So, how does an "epidemic" evolve into a pandemic? Actually, this is declared by WHO and that there's no clear set of classifications to define a disease as a pandemic. In fact, it depends on the whole picture in general. For example, HIV was actually a pandemic when it first appeared. But thanks to modern medicine, the disease is now under controlled and has ceased to be called a pandemic.
Regarding the Coronavirus called COVID-19, this fatal virus managed to spread rapidly on a global scale. It happened due to travellers who visited where the virus first appeared, unintentionally hosted the virus within them and thus, carried it back into their country. And unfortunately, the disease affects everyone of every age, spreading (and disguising) as flu-like symptoms.
What is COVID-19, and what are the symptoms?
A member of the coronavirus family, this virus can infect humans similarly to how SARS and MERS did (both of which are of the same virus family). In terms of common symptoms, they are quite similar to the common flu. Even worse, some people do not show signs of symptoms at all, hence it's best to practice good hygiene and social distancing during this crucial period.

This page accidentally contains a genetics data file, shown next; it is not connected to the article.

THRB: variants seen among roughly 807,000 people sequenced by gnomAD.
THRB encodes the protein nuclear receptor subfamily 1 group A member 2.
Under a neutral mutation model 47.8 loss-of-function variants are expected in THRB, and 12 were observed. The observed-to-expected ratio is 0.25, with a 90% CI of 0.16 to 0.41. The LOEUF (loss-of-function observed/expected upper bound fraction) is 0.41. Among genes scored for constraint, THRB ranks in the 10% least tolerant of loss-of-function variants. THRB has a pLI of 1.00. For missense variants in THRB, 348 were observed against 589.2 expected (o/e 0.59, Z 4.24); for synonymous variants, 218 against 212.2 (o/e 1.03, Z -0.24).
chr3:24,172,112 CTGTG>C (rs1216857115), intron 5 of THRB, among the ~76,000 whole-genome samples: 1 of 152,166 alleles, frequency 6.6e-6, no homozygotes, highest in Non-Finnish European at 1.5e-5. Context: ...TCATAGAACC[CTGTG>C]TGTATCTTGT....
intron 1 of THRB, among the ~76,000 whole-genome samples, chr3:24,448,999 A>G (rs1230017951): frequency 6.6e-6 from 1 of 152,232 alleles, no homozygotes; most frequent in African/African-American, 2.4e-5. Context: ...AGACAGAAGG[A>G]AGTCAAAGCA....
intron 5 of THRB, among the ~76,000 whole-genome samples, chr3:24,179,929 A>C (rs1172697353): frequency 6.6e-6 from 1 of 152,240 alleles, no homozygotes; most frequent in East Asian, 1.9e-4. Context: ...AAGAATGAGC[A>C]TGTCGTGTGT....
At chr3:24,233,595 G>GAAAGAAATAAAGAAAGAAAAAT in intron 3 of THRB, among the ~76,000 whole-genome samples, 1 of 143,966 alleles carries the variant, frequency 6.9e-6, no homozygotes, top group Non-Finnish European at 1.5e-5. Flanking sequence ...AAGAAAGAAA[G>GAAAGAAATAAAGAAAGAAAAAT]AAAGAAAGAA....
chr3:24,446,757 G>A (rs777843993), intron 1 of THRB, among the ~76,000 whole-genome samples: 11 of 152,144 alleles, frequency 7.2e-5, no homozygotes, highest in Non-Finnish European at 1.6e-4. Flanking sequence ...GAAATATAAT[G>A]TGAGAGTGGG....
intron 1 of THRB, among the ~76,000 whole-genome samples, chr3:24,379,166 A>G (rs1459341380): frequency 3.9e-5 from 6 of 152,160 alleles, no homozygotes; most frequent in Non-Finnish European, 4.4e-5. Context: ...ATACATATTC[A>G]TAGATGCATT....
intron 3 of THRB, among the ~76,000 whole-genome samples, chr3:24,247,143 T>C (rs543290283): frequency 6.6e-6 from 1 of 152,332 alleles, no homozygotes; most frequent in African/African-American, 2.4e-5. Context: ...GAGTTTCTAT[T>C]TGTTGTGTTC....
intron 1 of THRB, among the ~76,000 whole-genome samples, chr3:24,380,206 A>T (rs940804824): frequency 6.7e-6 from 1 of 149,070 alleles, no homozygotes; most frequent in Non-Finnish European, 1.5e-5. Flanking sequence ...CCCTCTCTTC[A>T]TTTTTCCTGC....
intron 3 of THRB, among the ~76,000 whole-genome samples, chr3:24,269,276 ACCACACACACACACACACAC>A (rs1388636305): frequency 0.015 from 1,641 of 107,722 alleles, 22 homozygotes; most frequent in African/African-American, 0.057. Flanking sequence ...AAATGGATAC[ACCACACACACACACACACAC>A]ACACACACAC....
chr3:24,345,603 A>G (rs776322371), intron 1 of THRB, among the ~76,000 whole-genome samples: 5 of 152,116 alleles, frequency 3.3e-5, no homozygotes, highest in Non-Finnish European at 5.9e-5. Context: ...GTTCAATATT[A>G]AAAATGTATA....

The common symptoms in question to watch out for are mild respiratory illnesses, such as runny nose, fever, cough, headache and sore throat. In severe cases (with many deducing it’s more common in weaker-immune system bodies or older people), the novel coronavirus can also cause pneumonia and fatality.
How does the coronavirus spread?
It has been confirmed by the Chinese authorities that human-to-human transmission is the main cause, and it occurs mainly through respiratory droplets from coughing and sneezing.
If an infected person coughs or sneezes, its droplets can land on the nose, eyes or mouth of another individual. These droplets can also land on surfaces, and an uninfected individual might be exposed to it afterwards.
Coronavirus on a global scale